I wanted that moment to expand not in time, but geographically to include my parents, my friends and my family for everyone stands to gain from meeting the highest of the high Lamas. That was not possible so I blocked out all the mind chatter, decided to be fully present in the moment, not worrying about logistics, not worrying about the needs of the immediate future or the happenings of the past and that is how, for the very first time in my entire adult life, I came to be engulfed by this overwhelming feeling of being blessed. Trying to articulate the blessings I received from the Dalai Lama would be futile. It exists as an unseen reserve that I could tap into every time I feel stuck in the present or apprehensive of the future.
Here are some of my takeaways:
- We are all one. Let’s do something nice for others. Everyday.
- Impermanence: We need to accept change and learn to work with it.
- There is no Planet B: Start small but pledge to leave a positive footprint.
- The importance of having good emotional hygiene: The most important education there is and the need to make emotional training part of every school’s curriculum.
- Empathy vs. Compassion: Empathy is a feeling and compassion is an action.
- Debates: Seen below are snippets from the debate sessions. Learning, listening and debating are integral parts of monks’ education and life. Never take anything at face value. Train the mind for constructive questioning.
Meeting His Holiness, the time I spent working, playing and learning with the monks, the candlelight walk with thousands of people who had congregated at the monastery, the energy of collective chanting, sitting under the canopy of prayer flags on the monastery steps as the wind rustled and the sun set behind us, being surrounded by people who find joy in living the simple life and the random acts of love expressed by complete strangers – I got to live it all a 100%. My gratitude to ace photographers Peter Ruprecht and Hannah Hardaway who captured the magic behind all moments featured here.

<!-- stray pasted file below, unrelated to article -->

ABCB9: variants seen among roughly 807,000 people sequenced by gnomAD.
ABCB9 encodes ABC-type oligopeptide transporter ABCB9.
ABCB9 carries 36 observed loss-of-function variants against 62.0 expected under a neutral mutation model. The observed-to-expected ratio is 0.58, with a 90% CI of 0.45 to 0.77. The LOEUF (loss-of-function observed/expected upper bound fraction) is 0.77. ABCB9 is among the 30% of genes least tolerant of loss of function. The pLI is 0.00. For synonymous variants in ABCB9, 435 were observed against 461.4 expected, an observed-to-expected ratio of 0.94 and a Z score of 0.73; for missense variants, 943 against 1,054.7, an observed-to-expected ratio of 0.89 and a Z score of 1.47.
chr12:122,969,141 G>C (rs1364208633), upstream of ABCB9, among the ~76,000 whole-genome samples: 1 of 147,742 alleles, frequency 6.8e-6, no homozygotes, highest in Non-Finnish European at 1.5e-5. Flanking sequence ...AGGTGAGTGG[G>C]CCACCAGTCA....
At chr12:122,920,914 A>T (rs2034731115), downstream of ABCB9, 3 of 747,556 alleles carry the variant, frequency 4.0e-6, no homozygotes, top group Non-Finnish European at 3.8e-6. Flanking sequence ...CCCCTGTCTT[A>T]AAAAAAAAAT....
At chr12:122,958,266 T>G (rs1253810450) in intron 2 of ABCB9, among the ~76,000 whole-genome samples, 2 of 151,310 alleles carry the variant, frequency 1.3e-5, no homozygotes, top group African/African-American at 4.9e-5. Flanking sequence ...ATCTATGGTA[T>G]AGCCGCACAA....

On the day of our departure from the monastery, Letsok, a young monk who became a dear friend; who asked me a thousand questions in a day, and followed me around and made me do all the work I requested him to do, came up to me, with tears brimming in his eyes and asked “tum next year aayega na?” (“you will come visit me next year?) My heart burst with the love that he was radiating and the possibility that I may never see him again. Hopefully I would return to the monastery sometime soon but it definitely was not going to be in a year’s time.
Our lives are going to take us on separate journeys but this fabric of love that blankets our hearts is ours to keep. When we look back the warmth we felt can never be erased. We’ll go on living our lives but the circle of oneness will grow, to include people who stroll in and out of our lives. That is the true learning from this thought-changing event.
I leave you with a chant, the melodies of which still linger on. It transports me to the night where the glow from the candles and the vibrations from the collective chantings filled the air and our hearts. Seen in the video is my friend, Letsokh. I pestered him for this recording and he finally relented.
Thujeche (with gratitude)